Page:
David Blunkett has denied any wrong-doing in relation to the visa application of his ex-lover's nanny.
The inquiry into the Blunkett row could report next week
The Daily Mail has published Home Office letters to Leoncia Casalme, Kimberly Quinn's nanny.
They initially told her it could take up to a year to process her visa claim, but 19 days later said she could stay in the UK indefinitely.
But the Home Office says it was not unusual for straightforward visa claims to be processed quickly.
In Thursday's Daily Mail, Miss Casalme is reported as saying Mrs Quinn told her about her visa: "I'll see what I can do, I have a friend."
Mr Blunkett says he checked the application for permanent residence was filled in correctly but did not intervene to get it approved.
Speaking outside the UK Passport Office on Wednesday, he said the letters were genuine but proved nothing about his conduct.
"I wouldn't be standing here if I thought there was any doubt whatsoever about what I've done," he said.
Downing Street has reiterated the prime minister's support for his home secretary and hinted that a probe into his conduct in the visa affair could report next week.
In a statement, the Home Office said it had begun charging for processing most immigration
applications in August 2003.
"In the months in advance of that, to be in a position to deliver a
good service to applicants when charging began, the Home Office made
efforts to process existing applications as quickly as possible," it said.
was not unusual for straightforward cases to be dealt with within a
Conservative shadow home secretary David Davis said the statement raised more questions.
The fact that Miss Casalme's application could not be decided on initial consideration suggested it had not been a "straightforward case", he argued.
The Home Office's Permanent Secretary, John Gieve, has asked Sir Alan Budd to examine the handling of Miss Casalme's application for indefinite leave to remain.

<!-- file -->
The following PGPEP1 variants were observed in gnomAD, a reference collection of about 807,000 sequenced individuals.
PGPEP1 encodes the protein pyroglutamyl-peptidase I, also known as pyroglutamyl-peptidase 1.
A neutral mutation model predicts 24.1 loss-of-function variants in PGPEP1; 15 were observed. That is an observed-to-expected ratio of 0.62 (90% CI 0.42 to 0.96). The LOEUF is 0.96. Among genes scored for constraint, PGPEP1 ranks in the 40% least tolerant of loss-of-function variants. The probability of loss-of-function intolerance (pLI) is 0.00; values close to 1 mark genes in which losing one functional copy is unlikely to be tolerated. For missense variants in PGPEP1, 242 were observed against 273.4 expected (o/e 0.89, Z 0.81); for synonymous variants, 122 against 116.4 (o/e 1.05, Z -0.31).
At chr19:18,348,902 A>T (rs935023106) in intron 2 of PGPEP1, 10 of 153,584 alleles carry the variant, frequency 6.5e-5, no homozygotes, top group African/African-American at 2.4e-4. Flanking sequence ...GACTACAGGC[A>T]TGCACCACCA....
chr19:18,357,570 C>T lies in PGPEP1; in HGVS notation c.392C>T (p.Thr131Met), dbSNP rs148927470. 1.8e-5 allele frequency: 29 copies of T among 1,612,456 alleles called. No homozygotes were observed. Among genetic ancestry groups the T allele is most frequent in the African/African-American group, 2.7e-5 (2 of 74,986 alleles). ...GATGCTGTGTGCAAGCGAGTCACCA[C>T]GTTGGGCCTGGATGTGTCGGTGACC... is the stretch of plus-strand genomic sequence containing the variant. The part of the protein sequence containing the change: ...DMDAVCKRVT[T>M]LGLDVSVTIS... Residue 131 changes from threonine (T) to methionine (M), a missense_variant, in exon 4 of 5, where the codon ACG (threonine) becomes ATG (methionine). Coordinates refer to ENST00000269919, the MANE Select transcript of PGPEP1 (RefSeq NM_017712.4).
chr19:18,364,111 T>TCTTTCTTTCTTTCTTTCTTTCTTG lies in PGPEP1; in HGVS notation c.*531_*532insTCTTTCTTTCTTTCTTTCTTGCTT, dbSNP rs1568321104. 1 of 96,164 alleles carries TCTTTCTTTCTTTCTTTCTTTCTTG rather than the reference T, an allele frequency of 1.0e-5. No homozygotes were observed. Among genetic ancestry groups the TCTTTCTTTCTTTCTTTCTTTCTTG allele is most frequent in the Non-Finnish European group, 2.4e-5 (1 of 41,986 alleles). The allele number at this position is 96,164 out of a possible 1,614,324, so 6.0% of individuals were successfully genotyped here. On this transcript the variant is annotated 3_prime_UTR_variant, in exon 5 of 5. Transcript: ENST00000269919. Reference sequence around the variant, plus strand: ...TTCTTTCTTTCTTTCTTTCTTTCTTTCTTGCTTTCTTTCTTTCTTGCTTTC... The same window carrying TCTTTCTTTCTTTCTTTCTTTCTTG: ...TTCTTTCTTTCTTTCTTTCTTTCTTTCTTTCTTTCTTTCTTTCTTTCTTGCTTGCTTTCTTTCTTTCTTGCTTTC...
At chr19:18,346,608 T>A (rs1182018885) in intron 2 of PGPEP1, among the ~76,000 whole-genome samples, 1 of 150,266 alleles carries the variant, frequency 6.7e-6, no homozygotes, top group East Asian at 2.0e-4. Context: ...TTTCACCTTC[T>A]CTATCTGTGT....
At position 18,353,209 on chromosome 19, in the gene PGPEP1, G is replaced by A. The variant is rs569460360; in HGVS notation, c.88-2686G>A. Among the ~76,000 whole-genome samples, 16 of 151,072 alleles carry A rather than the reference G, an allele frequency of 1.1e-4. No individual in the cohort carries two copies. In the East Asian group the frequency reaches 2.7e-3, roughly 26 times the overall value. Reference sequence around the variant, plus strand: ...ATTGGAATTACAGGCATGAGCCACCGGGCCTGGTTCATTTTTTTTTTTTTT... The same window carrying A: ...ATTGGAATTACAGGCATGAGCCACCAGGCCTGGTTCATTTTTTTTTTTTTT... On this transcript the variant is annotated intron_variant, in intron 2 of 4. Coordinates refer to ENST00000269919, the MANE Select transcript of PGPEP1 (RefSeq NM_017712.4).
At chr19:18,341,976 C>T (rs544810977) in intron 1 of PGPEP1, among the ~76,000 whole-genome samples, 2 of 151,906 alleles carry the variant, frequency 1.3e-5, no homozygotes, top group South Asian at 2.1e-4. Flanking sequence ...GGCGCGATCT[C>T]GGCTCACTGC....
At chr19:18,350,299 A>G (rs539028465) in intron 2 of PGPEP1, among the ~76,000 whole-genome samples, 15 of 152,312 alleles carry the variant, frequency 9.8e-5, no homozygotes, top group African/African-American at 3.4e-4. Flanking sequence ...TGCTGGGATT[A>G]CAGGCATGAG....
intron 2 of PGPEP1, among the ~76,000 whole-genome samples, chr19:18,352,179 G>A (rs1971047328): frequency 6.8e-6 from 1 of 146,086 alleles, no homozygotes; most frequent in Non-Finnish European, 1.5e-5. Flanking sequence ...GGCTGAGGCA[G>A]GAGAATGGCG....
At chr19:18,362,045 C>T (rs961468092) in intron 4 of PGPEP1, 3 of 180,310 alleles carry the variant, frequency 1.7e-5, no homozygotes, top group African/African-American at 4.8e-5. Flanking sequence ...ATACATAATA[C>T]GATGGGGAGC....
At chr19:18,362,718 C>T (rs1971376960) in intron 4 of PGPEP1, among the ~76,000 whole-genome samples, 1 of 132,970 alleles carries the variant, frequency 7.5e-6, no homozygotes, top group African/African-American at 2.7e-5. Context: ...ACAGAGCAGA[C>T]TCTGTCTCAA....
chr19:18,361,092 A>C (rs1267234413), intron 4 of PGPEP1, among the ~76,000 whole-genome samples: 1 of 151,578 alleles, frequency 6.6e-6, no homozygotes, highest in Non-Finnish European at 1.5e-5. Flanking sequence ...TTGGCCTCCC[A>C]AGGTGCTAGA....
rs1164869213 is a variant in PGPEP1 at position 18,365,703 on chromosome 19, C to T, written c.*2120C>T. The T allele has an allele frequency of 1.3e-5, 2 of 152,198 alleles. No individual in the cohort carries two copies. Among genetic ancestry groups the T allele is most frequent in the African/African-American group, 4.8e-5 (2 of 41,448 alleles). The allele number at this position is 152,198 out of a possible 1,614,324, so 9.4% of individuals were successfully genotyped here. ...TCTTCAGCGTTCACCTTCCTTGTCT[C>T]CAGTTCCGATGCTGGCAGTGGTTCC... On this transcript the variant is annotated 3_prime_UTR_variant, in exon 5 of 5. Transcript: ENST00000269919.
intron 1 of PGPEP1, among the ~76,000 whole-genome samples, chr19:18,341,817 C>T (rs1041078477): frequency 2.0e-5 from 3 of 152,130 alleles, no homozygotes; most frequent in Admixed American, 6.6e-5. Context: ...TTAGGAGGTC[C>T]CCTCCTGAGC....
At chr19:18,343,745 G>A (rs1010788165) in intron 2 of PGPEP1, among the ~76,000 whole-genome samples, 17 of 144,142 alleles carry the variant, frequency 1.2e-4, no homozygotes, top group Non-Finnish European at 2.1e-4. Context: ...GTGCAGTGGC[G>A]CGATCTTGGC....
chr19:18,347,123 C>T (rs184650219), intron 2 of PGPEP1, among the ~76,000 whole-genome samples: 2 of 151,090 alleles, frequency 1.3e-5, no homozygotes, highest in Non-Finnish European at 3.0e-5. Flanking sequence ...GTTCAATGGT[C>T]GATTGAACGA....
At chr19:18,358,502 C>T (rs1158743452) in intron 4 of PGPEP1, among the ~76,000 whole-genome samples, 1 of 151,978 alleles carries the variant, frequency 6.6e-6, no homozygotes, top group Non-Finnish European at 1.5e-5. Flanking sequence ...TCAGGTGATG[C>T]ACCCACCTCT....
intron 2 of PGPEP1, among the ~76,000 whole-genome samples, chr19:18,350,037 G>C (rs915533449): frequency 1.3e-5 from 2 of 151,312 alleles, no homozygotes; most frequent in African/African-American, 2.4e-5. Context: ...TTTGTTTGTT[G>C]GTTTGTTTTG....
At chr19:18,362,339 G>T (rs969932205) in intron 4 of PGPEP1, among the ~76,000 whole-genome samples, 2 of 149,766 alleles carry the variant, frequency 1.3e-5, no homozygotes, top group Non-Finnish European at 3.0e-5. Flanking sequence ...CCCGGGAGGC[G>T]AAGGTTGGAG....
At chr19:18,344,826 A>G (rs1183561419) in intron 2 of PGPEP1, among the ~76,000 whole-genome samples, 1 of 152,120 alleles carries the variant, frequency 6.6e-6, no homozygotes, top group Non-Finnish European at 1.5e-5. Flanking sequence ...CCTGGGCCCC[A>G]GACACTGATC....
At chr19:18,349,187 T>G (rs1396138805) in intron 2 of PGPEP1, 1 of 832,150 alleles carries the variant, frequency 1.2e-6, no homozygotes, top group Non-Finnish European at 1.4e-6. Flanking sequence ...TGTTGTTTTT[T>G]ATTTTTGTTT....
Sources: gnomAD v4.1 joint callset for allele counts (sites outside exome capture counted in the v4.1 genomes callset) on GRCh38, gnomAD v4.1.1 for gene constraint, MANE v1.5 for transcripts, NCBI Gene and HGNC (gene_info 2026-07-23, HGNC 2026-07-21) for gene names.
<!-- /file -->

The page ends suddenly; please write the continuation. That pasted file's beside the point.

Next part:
Lib Dem spokesman Mark Oaten said Mr Blunkett was "innocent until proven guilty" but there was something "very unusual" about the visa application.
Immigration lawyer Philip Trott said it was "bizarre in the extreme" for the visa initial immigration unit to say it could not deal with an application only for it to be cleared 19 days later.
But some agencies recruiting foreign workers such as nannies and housekeepers have found it is quite common for residency applications to be processed early.
Job or children?
The latest developments came as it emerged Mrs Quinn, who is seven months pregnant, was admitted to hospital on Monday night amid the stress caused by the controversy.
There could be a legal battle over Mr Blunkett's status as a father of two children, one of whom is unborn.
Mr Blunkett and Mrs Quinn with Michael Parkinson and his wife Mary
In an appeal on Wednesday, Mrs Quinn's husband Stephen said: "I would like to seek an adjournment until such a time as our baby is born
and my wife has recovered from that."
BBC political editor Andrew Marr said Mr Blunkett would choose his rights as a father ahead of his political career but did not believe the situation would come to that.
Review under way
The letters published in the Daily Mail do not mention Mr Blunkett or indicate that he interfered in the process.
One sent to Miss Casalme on 23 April 2003 says her application cannot be decided immediately.
It says: "The waiting period for these cases is about 12 months at the moment..."
But a second letter dated 12 May tells Miss Casalme: "You can now remain indefinitely in the United Kingdom."
On Tuesday Mr Blunkett said he was repaying £180 to Parliament for the first class train ticket he gave to Mrs Quinn. He apologised for his "genuine mistake".
The Parliamentary Commissioner for Standards in Public Life is looking at the issue following a complaint.